010 Book I., ch. 4: "Lucius, king of the Britons, sent a letter to Eleutherus, entreating that by his command he might be made a Christian. He soon obtained his pious request, and the Britons preserved the faith, which they had received, uncorrupted and entire, in peace and tranquillity, until the time of the Emperor Diocletian." Comp. the footnote of Giles in loc. Haddan says (I. 25): "The story of Lucius rests solely upon the later form of the Catalogus Pontificum Romanorum which was written c. a. d. 530, and which adds to the Vita Eleutherus (a. d. 171-186) that ’Hic (Eleutherus)accepit epistolam a Lucio Britanniae Rege, ut Chrristianus efficeretur par ejus mandatum.’ But these words are not in the original Catalogus, written shortly after a. d. 353." Beda copies the Roman account. Gildas knows nothing of Lucius. According to other accounts, Lucius ((Lever Maur, or the Great Light) sent Pagan and Dervan to Rome, who were ordained by Evaristus or Eleutherus, and on their return established the British church. See Lingard, History of England, I. 46.

11 Adv. Judaeos 7: "Britannorum inaccessa Romanis loca, Christo vero subdita." Bishop Kaye (Tertull., p. 94) understands this passage as referring to the farthest extremities of Britain. So Burton (II. 207): "Parts of the island which had not been visited by the Romans." See Bright, p. 5.

212 Bede I. 7. The story of St. Alban is first narrated by Gildas in the sixth century. Milman and Bright (p. 6) admit his historic reality.

313 Wiltsch, Handbuch der Kirchl. Geogr. und Statistik I. 42 and 238, Mansi, Conc. II. 467, Haddan and Stubbs, l.c., I. 7. Haddan identifies Colonia Londinensium with Col. Legionensium, i.e. Caerleon-on-Usk.

414 See Haddan and Stubbs, I. 7-10.

515 Bede I. 21 ascribes the triumph of the Catholic faith over the Pelagian heresy to the miraculous healing of a lame youth by Germanus (St. Germain), Bishop of Auxerre. Comp. also Haddan and Stubbs, I. 15-17.

616 See Haddan and Stubbs, I. 36-40.

717 The British and Irish Christians were stigmatized by their Roman opponents as heretical Quartodecimans (Bede III. 4); but the Eastern Quartodecimans invariably celebrated Easter on the fourteenth day of the month (hence their designation), whether it fell on a Sunday or not; while the Britons and Irish celebrated it always on a Sunday between the 14th and the 20th of the month; the Romans between the 15th and 21st. Comp. Skene, l.c. II. 9 sq.; the elaborate discussion of Ebrard, Die, iro-schott. Missionskirche, 19-77, and Killen, Eccles. Hist. of Ireland, I. 57 sqq.

818 The chronology, is somewhat uncertain. See Lappenberg’s Geschichte von England, Bd. I., p. 73 sqq.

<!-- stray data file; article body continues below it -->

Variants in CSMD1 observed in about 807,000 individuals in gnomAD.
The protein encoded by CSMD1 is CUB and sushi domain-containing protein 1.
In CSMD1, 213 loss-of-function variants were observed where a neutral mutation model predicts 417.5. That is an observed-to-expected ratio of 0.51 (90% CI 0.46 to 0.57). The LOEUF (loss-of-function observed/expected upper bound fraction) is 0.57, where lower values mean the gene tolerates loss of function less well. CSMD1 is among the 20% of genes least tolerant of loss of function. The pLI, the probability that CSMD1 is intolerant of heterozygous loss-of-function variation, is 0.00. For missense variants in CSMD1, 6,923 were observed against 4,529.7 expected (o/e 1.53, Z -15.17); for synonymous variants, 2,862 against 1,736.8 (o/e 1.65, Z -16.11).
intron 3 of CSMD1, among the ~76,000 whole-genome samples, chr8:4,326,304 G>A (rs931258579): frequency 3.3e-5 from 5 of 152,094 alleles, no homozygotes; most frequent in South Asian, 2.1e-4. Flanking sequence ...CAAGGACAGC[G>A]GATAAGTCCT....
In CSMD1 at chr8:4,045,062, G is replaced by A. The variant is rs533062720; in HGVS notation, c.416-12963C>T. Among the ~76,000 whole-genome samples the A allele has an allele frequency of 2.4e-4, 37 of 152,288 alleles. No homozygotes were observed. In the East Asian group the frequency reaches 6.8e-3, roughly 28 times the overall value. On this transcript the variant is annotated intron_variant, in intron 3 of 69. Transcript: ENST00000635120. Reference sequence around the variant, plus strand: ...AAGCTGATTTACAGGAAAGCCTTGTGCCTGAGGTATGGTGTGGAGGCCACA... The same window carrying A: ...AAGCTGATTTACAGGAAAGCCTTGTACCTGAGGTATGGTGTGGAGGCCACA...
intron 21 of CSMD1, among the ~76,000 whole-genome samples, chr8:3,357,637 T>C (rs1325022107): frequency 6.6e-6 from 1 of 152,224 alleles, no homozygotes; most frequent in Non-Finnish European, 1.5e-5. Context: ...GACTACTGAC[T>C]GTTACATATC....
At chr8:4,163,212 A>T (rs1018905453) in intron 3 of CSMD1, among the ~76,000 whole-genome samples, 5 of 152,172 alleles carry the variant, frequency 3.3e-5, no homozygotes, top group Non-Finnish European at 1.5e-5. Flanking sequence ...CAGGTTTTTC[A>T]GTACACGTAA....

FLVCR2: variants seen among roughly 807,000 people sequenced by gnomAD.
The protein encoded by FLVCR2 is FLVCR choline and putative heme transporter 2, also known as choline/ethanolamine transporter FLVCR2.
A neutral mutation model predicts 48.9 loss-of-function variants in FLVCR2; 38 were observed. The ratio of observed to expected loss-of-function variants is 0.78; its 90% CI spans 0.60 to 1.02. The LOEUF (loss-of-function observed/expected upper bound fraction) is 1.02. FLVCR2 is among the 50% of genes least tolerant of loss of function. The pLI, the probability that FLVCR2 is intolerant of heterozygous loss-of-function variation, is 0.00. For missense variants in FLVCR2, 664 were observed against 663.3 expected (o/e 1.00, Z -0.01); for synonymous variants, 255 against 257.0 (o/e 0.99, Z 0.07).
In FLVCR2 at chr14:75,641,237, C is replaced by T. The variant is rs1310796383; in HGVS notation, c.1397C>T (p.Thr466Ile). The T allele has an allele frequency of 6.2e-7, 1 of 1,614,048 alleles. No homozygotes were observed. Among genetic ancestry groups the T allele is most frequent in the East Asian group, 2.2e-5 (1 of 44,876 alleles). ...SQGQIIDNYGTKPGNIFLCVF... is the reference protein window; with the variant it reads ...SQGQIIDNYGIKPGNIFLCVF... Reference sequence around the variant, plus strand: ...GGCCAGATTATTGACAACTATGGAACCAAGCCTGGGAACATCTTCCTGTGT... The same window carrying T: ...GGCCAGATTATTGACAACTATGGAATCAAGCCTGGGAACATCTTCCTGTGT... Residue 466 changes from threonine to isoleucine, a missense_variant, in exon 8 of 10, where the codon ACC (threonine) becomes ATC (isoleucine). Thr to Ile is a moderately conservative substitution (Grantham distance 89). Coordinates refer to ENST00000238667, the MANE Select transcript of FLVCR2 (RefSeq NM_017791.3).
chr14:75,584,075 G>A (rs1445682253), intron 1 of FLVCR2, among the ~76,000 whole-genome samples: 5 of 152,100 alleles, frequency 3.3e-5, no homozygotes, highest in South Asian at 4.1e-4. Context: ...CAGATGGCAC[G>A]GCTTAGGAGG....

919 Quoted by Lingard, I. 62. The picture here given corresponds closely with that given in Beowulf’s Drapa, from the 9th century.

020 King Arthur (or Artus), the hero of Wales, of the Chronicles of Geoffrey of Monmouth, and the romances of the Round Table, if not entirely mythical, was one of the last Keltic chiefs, who struggled against the Saxon invaders in the sixth century. He resided in great state at Caerleon in Wales, surrounded by valorous knights, seated with him at a round table, gained twelve victories over the Saxons, and died in the battle of Mount Badon or Badon Hill near Bath (a. d. 520). The legend was afterwards Christianized, transferred to French soil, and blended with the Carlovingian Knights of the Round Table, which never existed. Arthur’s name was also connected since the Crusades with the quest of the Holy Grail or Graal (Keltic gréal, old French san gréal or greel), i.e. the wonderful bowl-shaped vessel of the Lord’s Supper (used for the Paschal Lamb, or, according to another view, for the cup of blessing), in which Joseph of Arimathaea caught the blood of the Saviour at the cross, and which appears in the Arthurian romances as the token of the visible presence of Christ, or the symbolic embodiment of the doctrine of transubstantiation. Hence the derivation of Grail from sanguis realis, real blood, or sang royal, the Lord’s blood. Others derive it from the Romanic greal, cup or dish; still others from the Latin graduale. See Geoffrey of Monmouth, Chronicon sive Historia Britonum (1130 and 1147, translated into English by Aaron Thomson, London, 1718); Sir T. Malory, History of Prince Arthur (1480-1485, new ed. by, Southey, 1817); Wolfram von Eschenbach Parcival and Titurel (about 1205, transl. by K. Simrock, Stuttg., 1842); Lachmann, Wolfram von Eschenbach (Berlin, 1833, 2nd ed, 1854); Göschel Die Sage von Parcival und vom Gral nach Wolfram von Eschenbach (Berlin, 1858); Paulin Paris, Les Romans de la Table Ronde (Paris, 1860); Tennyson, The Idylls, of the King (1859), and The Holy Grail (1869); Skene, Four Ancient Books of Wales (1868); Stuart-Glennie, Arthurian Localities (1869); Birch-Herschfeld, Die Sage vom Gral, (Leipz., 1877); and an article of Göschel, Gral in the first ed. of Herzog’s Encykl. V. 312 (omitted in the second ed.).